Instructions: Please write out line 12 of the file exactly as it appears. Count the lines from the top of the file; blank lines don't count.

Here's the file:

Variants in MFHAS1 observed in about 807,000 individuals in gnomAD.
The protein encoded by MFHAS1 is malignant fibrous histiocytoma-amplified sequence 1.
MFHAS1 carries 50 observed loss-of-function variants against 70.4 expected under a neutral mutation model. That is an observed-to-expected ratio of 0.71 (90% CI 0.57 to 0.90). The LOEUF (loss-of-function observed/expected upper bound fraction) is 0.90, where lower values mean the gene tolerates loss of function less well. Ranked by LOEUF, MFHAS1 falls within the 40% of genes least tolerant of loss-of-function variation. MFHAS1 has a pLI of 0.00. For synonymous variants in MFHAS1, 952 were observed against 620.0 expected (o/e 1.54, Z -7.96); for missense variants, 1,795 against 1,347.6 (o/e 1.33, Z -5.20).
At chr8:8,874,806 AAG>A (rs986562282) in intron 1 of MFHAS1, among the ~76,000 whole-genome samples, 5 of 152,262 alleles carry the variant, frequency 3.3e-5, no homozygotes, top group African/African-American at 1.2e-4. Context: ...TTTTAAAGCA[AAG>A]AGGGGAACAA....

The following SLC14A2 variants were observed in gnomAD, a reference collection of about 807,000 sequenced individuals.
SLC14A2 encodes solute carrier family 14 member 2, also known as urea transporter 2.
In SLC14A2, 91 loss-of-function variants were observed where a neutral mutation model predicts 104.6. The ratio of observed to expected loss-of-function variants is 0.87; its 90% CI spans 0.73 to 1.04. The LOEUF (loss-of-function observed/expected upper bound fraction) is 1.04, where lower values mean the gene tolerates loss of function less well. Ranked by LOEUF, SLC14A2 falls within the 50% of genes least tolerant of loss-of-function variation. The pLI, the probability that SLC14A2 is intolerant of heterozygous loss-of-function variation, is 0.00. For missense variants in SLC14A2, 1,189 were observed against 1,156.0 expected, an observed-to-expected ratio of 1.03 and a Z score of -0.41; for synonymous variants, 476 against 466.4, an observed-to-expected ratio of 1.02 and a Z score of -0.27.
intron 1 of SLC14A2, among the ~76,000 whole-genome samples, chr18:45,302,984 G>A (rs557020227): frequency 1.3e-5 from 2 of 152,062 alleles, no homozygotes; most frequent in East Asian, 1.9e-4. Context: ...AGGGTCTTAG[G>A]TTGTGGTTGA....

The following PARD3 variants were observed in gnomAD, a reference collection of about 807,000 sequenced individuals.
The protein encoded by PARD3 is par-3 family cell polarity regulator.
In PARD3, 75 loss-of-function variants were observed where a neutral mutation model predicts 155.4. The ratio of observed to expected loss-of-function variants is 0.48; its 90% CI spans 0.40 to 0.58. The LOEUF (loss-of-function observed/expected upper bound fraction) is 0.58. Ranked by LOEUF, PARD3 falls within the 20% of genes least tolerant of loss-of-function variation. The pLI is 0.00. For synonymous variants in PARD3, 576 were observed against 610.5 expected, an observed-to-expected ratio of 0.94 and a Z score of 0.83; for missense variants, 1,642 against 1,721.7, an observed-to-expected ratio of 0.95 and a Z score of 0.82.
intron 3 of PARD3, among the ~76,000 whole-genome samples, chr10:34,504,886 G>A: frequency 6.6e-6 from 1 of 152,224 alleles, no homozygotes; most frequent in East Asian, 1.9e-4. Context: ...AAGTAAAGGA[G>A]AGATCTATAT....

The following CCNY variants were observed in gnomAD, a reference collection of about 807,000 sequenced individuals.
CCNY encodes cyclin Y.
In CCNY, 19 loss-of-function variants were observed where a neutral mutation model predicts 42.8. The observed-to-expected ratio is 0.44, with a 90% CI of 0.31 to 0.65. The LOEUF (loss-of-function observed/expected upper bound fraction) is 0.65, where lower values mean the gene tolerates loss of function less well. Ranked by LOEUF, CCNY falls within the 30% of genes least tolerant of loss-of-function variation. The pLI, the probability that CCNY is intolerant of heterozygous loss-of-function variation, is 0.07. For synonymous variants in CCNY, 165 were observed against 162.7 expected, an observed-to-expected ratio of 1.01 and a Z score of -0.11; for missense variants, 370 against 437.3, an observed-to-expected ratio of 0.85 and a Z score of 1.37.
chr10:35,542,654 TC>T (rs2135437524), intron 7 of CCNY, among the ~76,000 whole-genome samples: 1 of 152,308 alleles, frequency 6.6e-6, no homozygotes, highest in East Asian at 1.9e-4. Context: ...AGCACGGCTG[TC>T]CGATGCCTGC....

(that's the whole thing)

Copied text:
intron 3 of PARD3, among the ~76,000 whole-genome samples, chr10:34,504,886 G>A: frequency 6.6e-6 from 1 of 152,224 alleles, no homozygotes; most frequent in East Asian, 1.9e-4. Context: ...AAGTAAAGGA[G>A]AGATCTATAT....